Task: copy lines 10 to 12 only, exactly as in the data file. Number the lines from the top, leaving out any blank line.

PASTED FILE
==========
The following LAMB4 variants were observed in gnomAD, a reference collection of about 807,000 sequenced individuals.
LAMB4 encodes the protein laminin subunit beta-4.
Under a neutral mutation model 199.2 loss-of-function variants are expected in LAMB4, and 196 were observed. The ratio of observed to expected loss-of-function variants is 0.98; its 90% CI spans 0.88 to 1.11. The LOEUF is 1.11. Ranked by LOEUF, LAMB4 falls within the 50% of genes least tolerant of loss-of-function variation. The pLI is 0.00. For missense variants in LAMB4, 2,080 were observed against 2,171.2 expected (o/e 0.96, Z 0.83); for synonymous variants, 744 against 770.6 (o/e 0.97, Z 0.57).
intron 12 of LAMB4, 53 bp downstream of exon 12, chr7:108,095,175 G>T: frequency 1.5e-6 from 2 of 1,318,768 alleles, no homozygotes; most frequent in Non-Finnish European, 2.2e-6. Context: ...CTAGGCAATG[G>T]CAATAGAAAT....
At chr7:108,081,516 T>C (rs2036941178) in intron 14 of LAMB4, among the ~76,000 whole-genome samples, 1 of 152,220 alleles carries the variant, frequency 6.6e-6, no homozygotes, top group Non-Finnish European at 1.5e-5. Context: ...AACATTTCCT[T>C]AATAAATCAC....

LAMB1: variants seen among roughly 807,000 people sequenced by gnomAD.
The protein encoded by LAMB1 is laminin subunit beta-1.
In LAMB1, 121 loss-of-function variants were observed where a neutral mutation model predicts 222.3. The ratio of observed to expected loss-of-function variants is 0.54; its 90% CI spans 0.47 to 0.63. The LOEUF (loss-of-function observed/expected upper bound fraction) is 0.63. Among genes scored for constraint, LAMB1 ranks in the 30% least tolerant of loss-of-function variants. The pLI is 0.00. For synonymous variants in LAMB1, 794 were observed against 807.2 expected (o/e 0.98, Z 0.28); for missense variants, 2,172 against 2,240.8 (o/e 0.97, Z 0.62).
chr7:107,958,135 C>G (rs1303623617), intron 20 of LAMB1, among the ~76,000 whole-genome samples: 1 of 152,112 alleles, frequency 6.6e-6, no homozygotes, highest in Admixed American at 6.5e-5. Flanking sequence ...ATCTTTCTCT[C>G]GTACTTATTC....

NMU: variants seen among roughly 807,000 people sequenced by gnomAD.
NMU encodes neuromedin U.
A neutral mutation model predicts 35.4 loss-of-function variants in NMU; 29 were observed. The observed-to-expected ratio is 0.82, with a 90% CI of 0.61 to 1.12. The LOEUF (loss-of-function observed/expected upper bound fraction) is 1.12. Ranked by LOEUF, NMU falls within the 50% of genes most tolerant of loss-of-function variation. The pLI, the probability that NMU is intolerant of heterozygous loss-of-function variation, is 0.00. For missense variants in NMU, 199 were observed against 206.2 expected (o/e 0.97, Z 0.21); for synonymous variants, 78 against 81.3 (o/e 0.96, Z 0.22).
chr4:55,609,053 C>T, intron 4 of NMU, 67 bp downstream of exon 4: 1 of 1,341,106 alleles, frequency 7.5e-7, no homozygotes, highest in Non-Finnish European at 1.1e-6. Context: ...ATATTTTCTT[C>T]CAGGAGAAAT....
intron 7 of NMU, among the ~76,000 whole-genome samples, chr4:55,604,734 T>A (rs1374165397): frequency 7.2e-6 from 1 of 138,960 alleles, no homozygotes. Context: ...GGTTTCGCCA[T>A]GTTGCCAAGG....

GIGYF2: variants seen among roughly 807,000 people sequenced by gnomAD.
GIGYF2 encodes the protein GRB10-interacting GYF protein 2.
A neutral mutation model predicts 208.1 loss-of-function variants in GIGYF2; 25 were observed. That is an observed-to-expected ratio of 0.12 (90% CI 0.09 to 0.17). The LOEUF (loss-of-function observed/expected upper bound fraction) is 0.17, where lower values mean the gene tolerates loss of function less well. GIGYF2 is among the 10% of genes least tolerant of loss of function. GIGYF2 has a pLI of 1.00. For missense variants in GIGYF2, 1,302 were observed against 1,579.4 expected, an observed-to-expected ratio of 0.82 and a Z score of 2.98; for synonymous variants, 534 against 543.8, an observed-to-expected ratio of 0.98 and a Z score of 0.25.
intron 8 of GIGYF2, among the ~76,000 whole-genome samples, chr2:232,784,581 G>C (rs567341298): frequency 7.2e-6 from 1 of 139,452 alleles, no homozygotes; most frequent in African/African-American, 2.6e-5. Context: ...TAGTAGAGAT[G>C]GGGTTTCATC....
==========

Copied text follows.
NMU: variants seen among roughly 807,000 people sequenced by gnomAD.
NMU encodes neuromedin U.
A neutral mutation model predicts 35.4 loss-of-function variants in NMU; 29 were observed. The observed-to-expected ratio is 0.82, with a 90% CI of 0.61 to 1.12. The LOEUF (loss-of-function observed/expected upper bound fraction) is 1.12. Ranked by LOEUF, NMU falls within the 50% of genes most tolerant of loss-of-function variation. The pLI, the probability that NMU is intolerant of heterozygous loss-of-function variation, is 0.00. For missense variants in NMU, 199 were observed against 206.2 expected (o/e 0.97, Z 0.21); for synonymous variants, 78 against 81.3 (o/e 0.96, Z 0.22).